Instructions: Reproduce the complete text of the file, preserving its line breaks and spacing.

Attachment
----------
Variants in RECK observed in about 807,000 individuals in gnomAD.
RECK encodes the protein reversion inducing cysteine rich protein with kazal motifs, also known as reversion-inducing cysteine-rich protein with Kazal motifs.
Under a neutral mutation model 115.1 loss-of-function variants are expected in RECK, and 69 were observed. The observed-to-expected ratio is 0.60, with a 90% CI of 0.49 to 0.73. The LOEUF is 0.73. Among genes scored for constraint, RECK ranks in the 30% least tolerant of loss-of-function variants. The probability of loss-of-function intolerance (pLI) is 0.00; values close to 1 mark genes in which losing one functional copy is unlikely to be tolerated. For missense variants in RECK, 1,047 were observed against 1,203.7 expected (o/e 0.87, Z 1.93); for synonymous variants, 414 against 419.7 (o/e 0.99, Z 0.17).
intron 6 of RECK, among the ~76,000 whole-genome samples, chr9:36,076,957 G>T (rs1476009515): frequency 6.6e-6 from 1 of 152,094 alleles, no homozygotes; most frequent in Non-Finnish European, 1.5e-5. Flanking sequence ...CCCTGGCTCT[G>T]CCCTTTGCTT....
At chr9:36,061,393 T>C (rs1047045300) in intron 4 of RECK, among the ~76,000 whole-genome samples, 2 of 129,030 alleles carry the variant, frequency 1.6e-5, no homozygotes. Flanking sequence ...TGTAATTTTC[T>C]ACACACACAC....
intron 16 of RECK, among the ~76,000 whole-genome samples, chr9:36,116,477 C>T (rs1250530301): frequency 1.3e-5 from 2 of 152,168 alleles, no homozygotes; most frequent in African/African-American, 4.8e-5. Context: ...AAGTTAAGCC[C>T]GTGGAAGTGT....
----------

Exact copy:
Variants in RECK observed in about 807,000 individuals in gnomAD.
RECK encodes the protein reversion inducing cysteine rich protein with kazal motifs, also known as reversion-inducing cysteine-rich protein with Kazal motifs.
Under a neutral mutation model 115.1 loss-of-function variants are expected in RECK, and 69 were observed. The observed-to-expected ratio is 0.60, with a 90% CI of 0.49 to 0.73. The LOEUF is 0.73. Among genes scored for constraint, RECK ranks in the 30% least tolerant of loss-of-function variants. The probability of loss-of-function intolerance (pLI) is 0.00; values close to 1 mark genes in which losing one functional copy is unlikely to be tolerated. For missense variants in RECK, 1,047 were observed against 1,203.7 expected (o/e 0.87, Z 1.93); for synonymous variants, 414 against 419.7 (o/e 0.99, Z 0.17).
intron 6 of RECK, among the ~76,000 whole-genome samples, chr9:36,076,957 G>T (rs1476009515): frequency 6.6e-6 from 1 of 152,094 alleles, no homozygotes; most frequent in Non-Finnish European, 1.5e-5. Flanking sequence ...CCCTGGCTCT[G>T]CCCTTTGCTT....
At chr9:36,061,393 T>C (rs1047045300) in intron 4 of RECK, among the ~76,000 whole-genome samples, 2 of 129,030 alleles carry the variant, frequency 1.6e-5, no homozygotes. Flanking sequence ...TGTAATTTTC[T>C]ACACACACAC....
intron 16 of RECK, among the ~76,000 whole-genome samples, chr9:36,116,477 C>T (rs1250530301): frequency 1.3e-5 from 2 of 152,168 alleles, no homozygotes; most frequent in African/African-American, 4.8e-5. Context: ...AAGTTAAGCC[C>T]GTGGAAGTGT....